Swim out over a coral garden in less than 20 feet of water, than get the dizzies as the edge of the reef drops off in a sheer, vertical cliff down more than 1,000 feet. That’s Bloody Bay Wall, a sponge-and-coral encrusted underwater masterpiece where the visibility is often in the 100 foot-plus range. Of the several wall dives here, a perennial favorite is Marilyn’s Cut, a large crevice-chimney-cave complex adorned with barrel, tube, and rope sponges that is also the hangout of a longtime resident – a camera-friendly Nassau grouper known as Ben.
The light-tackle fishing here is the best in the Caymans. Bonefish, in the shallow flats at South Hole Sound were the first attraction, but it wasn’t long before fly-fishermen discovered, in the middle of a mangrove swamp, a brackish 15-acre pond filled with small tarpon. Today those tarpon have grown (some in the 25-pound range), while even larger ones cruise the flats. The always challenging permit (that’s the name of the fish, not the license) also haunts the flats, giving anglers here a rare chance for a light tackle “grand slam” of bonefish, tarpon, and permit.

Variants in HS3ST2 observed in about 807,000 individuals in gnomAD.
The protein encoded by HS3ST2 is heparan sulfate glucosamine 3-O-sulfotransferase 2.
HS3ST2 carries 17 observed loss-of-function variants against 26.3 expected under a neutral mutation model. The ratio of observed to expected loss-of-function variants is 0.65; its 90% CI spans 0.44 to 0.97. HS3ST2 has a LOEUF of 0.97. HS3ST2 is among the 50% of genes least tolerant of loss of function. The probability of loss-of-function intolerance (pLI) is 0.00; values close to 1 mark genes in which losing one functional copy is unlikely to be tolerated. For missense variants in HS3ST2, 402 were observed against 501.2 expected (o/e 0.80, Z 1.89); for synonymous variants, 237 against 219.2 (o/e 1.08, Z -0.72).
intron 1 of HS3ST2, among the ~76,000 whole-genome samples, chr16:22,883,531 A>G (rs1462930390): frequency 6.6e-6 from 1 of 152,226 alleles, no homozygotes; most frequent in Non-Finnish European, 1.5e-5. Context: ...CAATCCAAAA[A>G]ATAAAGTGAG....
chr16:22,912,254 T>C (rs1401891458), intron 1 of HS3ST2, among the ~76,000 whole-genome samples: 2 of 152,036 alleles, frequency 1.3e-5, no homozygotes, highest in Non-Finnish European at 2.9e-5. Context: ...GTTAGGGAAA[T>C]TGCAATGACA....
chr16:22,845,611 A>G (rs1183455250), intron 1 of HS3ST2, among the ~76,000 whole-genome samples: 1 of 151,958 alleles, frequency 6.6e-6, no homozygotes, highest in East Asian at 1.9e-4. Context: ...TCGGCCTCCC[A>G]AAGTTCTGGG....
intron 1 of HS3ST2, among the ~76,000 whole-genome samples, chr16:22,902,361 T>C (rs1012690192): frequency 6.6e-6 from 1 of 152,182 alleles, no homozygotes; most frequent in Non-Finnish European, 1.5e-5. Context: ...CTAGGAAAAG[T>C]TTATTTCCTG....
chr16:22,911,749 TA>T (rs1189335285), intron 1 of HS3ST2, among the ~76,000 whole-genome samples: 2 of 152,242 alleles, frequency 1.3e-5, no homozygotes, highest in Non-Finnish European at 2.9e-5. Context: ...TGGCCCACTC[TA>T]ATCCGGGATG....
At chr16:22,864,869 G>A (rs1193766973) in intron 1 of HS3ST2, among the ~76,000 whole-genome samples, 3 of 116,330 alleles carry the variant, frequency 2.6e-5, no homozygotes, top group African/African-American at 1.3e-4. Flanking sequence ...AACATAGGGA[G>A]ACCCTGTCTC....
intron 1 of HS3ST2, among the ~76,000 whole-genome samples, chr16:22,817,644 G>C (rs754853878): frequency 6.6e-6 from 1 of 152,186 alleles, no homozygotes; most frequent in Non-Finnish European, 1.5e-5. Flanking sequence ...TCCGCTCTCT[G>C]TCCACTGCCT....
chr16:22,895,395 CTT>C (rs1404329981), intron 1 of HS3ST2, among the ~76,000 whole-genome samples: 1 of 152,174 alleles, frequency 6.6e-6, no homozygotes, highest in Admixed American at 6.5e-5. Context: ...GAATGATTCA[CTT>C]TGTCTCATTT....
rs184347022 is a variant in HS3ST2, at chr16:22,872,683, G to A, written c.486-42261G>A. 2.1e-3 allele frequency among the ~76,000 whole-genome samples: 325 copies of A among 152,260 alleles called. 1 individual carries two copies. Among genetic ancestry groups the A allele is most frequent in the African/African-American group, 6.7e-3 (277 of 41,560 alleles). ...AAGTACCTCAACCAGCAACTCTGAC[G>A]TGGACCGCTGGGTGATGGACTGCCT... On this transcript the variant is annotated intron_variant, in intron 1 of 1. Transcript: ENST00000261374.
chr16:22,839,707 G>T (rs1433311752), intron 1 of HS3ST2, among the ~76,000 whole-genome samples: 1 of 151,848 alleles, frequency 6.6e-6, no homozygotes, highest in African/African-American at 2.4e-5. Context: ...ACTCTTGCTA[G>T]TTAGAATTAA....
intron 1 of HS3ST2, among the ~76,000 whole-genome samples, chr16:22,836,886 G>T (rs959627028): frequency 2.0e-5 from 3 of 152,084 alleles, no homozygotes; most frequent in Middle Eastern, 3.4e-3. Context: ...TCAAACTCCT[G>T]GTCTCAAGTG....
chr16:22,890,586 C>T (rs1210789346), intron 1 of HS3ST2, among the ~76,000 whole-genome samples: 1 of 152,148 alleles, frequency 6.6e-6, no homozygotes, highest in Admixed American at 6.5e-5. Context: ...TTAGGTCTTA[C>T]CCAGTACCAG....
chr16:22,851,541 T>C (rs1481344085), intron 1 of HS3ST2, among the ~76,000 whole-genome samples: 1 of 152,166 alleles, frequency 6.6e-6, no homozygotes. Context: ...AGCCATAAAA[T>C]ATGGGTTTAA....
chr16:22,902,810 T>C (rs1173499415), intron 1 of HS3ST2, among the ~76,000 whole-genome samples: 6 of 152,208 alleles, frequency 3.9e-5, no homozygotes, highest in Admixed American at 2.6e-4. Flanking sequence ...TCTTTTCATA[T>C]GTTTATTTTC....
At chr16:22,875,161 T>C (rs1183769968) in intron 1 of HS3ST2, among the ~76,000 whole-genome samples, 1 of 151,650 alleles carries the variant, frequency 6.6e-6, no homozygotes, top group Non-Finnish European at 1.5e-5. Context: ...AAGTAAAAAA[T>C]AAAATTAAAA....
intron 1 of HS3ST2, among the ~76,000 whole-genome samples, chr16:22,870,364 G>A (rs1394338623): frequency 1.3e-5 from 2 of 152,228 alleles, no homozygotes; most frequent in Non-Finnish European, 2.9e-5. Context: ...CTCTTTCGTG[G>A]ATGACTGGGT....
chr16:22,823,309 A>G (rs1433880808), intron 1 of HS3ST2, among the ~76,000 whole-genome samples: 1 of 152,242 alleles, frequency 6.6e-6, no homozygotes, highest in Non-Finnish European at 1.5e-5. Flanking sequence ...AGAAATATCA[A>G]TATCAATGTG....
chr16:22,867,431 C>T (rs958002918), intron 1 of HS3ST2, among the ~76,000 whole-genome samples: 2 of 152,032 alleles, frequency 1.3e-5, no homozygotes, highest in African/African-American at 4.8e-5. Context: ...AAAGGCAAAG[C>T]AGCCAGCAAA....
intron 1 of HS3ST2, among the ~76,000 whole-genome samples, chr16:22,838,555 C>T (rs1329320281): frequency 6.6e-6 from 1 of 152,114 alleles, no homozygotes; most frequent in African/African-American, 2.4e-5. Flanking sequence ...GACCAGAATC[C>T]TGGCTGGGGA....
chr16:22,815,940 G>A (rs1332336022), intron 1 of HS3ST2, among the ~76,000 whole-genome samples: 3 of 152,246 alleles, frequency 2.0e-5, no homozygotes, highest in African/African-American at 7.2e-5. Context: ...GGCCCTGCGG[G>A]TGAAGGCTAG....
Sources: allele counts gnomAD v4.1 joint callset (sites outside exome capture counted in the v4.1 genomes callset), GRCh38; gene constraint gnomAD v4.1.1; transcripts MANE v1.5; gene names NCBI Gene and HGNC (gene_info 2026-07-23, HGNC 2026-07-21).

Cayman Brac, just 6 miles from Little Cayman, is not cast from the same geographical mold as its sister islands. A limestone bluff (brac in Gaelic) dominates the eastern end of the isle, and the lighthouse there provides the best panoramic view in the Caymans. Diving here doesn’t quite match that of Little Cayman, but the wall dives and the snorkeling along the north coast are superb. And both snorkelers and scuba divers can explore the M/V Capt. Keith Tibbetts, a 330-foot naval frigate, deliberately sunk in shallow water just offshore in 1996.